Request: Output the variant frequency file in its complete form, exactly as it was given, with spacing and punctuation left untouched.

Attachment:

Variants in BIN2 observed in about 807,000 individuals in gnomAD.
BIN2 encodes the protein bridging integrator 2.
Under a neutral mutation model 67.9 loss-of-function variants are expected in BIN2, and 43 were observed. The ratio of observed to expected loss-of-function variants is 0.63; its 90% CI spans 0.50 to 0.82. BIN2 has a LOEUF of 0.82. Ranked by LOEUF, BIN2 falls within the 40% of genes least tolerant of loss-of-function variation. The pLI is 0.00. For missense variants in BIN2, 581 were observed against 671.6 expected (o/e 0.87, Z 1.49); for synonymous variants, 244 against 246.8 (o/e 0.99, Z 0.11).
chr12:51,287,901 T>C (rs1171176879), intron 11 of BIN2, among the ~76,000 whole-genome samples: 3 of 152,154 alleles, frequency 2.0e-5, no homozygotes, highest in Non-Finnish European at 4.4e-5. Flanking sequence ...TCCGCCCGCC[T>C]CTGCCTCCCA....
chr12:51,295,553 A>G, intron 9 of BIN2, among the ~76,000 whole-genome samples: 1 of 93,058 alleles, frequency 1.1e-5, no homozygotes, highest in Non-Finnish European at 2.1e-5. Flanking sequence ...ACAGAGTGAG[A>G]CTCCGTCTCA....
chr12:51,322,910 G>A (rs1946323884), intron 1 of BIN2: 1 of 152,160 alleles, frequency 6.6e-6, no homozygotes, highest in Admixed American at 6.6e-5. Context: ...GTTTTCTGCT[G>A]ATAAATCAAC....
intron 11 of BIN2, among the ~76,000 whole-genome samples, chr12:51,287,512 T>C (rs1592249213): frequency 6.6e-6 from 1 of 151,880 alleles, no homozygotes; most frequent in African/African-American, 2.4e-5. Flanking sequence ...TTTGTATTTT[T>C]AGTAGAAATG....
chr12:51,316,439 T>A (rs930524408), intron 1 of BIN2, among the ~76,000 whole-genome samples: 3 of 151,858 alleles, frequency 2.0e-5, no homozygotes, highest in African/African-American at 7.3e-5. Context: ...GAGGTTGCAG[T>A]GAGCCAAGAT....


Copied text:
Variants in BIN2 observed in about 807,000 individuals in gnomAD.
BIN2 encodes the protein bridging integrator 2.
Under a neutral mutation model 67.9 loss-of-function variants are expected in BIN2, and 43 were observed. The ratio of observed to expected loss-of-function variants is 0.63; its 90% CI spans 0.50 to 0.82. BIN2 has a LOEUF of 0.82. Ranked by LOEUF, BIN2 falls within the 40% of genes least tolerant of loss-of-function variation. The pLI is 0.00. For missense variants in BIN2, 581 were observed against 671.6 expected (o/e 0.87, Z 1.49); for synonymous variants, 244 against 246.8 (o/e 0.99, Z 0.11).
chr12:51,287,901 T>C (rs1171176879), intron 11 of BIN2, among the ~76,000 whole-genome samples: 3 of 152,154 alleles, frequency 2.0e-5, no homozygotes, highest in Non-Finnish European at 4.4e-5. Flanking sequence ...TCCGCCCGCC[T>C]CTGCCTCCCA....
chr12:51,295,553 A>G, intron 9 of BIN2, among the ~76,000 whole-genome samples: 1 of 93,058 alleles, frequency 1.1e-5, no homozygotes, highest in Non-Finnish European at 2.1e-5. Flanking sequence ...ACAGAGTGAG[A>G]CTCCGTCTCA....
chr12:51,322,910 G>A (rs1946323884), intron 1 of BIN2: 1 of 152,160 alleles, frequency 6.6e-6, no homozygotes, highest in Admixed American at 6.6e-5. Context: ...GTTTTCTGCT[G>A]ATAAATCAAC....
intron 11 of BIN2, among the ~76,000 whole-genome samples, chr12:51,287,512 T>C (rs1592249213): frequency 6.6e-6 from 1 of 151,880 alleles, no homozygotes; most frequent in African/African-American, 2.4e-5. Flanking sequence ...TTTGTATTTT[T>C]AGTAGAAATG....
chr12:51,316,439 T>A (rs930524408), intron 1 of BIN2, among the ~76,000 whole-genome samples: 3 of 151,858 alleles, frequency 2.0e-5, no homozygotes, highest in African/African-American at 7.3e-5. Context: ...GAGGTTGCAG[T>A]GAGCCAAGAT....